Britain Is Becoming VC Unfriendly

One of the things that I most enjoy doing in life is helping other people build their businesses. I currently have two non-exec roles and will probably add a third in the New Year. Asking experienced entrepreneurs to help nascent companies is a tradition in British business which has served the economy well, in my belief.

But there's a fly in the ointment. Generally, fees in undertaking these roles are comparatively low, since preserving cash is essential to developing companies, so the balance is often made up in share options. The problem is that share options for non-execs are treated like income, so will, from next year, attract 50% tax and 13.5% NI - an effective tax rate of 60%.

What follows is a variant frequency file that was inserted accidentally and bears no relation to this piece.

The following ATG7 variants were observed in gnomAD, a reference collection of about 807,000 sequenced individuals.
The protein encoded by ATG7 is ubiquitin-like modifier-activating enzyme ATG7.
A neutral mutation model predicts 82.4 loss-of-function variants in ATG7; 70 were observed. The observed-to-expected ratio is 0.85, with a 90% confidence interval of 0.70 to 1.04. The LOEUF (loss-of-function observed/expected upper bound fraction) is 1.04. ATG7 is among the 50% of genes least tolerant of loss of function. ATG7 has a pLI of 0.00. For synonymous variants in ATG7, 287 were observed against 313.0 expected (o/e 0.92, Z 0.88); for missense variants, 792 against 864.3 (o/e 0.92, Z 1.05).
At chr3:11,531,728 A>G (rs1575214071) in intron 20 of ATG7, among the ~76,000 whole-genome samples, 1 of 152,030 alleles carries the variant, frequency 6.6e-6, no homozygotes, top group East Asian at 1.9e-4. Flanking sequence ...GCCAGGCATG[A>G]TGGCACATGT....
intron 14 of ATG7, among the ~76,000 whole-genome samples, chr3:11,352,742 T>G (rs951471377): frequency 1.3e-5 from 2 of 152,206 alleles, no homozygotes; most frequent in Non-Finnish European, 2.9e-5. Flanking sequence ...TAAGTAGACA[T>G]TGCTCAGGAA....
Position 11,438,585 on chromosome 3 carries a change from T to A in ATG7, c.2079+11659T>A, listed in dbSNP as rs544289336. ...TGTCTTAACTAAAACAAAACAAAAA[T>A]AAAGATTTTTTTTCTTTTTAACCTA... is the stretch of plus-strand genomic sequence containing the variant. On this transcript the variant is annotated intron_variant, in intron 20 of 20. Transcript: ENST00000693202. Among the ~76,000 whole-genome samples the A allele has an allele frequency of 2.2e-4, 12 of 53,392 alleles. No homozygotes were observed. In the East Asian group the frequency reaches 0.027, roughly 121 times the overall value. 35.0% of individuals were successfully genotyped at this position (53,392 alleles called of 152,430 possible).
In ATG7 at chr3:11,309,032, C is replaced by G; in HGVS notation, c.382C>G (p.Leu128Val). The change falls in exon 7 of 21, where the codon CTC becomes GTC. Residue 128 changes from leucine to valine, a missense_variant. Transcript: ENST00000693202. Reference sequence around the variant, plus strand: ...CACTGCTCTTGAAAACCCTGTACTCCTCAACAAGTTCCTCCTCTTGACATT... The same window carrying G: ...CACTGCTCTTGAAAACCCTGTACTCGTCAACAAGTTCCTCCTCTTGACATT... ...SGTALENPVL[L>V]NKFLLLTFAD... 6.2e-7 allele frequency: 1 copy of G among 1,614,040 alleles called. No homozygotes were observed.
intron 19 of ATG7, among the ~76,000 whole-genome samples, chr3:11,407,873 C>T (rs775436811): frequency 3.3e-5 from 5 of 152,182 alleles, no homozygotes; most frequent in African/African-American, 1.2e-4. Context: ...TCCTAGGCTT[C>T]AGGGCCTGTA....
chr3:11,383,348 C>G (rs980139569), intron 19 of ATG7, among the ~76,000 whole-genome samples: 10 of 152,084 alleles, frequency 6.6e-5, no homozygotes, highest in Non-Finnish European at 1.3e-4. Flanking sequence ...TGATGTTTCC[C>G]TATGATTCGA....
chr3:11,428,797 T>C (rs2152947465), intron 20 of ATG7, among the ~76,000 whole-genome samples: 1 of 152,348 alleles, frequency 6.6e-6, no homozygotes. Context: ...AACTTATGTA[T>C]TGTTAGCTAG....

So, a 2% share in a company originally valued at £1m and sold for £5m will generate £32,000, which might reflect three to five years' work.

On top of the changes in CGT taper relief, the UK is fast becoming a very unfriendly place to be a start up, with the R&D tax credit allowances being one of the few remaining reasons to justify starting a company in the UK. The UK has tens, if not hundreds of innovative companies in the IPTV and internet TV space, following on the heels of world class companies such as Pace, ARM and NDS, and they need to be encouraged.

With the government pumping hundreds of millions into venture funds via regional development authorities it seems that they're playing the old trick of giving with one hand then taking away with the other.